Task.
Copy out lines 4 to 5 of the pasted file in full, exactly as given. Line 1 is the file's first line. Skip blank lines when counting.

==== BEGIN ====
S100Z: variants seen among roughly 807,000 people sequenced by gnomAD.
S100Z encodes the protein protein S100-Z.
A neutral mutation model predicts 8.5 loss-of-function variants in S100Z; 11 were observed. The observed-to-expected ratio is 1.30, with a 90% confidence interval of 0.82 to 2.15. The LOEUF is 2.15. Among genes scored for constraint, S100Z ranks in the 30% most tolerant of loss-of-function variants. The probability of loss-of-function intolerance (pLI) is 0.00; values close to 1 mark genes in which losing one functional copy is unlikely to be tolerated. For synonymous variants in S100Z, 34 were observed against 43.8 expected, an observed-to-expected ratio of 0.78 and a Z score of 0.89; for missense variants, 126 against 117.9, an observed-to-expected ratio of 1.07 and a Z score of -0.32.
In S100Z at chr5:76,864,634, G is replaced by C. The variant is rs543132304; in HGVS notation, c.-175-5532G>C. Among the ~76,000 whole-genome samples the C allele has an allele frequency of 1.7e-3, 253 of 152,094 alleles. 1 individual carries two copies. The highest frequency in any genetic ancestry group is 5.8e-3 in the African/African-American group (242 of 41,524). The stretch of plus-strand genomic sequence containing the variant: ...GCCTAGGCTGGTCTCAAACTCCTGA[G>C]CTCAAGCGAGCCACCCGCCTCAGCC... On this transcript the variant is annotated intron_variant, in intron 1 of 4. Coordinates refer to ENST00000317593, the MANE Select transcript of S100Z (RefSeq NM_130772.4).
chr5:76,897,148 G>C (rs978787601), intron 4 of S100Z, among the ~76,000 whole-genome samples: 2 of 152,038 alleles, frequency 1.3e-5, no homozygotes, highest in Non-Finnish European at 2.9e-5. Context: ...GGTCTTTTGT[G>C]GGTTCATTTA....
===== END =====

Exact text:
In S100Z at chr5:76,864,634, G is replaced by C. The variant is rs543132304; in HGVS notation, c.-175-5532G>C. Among the ~76,000 whole-genome samples the C allele has an allele frequency of 1.7e-3, 253 of 152,094 alleles. 1 individual carries two copies. The highest frequency in any genetic ancestry group is 5.8e-3 in the African/African-American group (242 of 41,524). The stretch of plus-strand genomic sequence containing the variant: ...GCCTAGGCTGGTCTCAAACTCCTGA[G>C]CTCAAGCGAGCCACCCGCCTCAGCC... On this transcript the variant is annotated intron_variant, in intron 1 of 4. Coordinates refer to ENST00000317593, the MANE Select transcript of S100Z (RefSeq NM_130772.4).
chr5:76,897,148 G>C (rs978787601), intron 4 of S100Z, among the ~76,000 whole-genome samples: 2 of 152,038 alleles, frequency 1.3e-5, no homozygotes, highest in Non-Finnish European at 2.9e-5. Context: ...GGTCTTTTGT[G>C]GGTTCATTTA....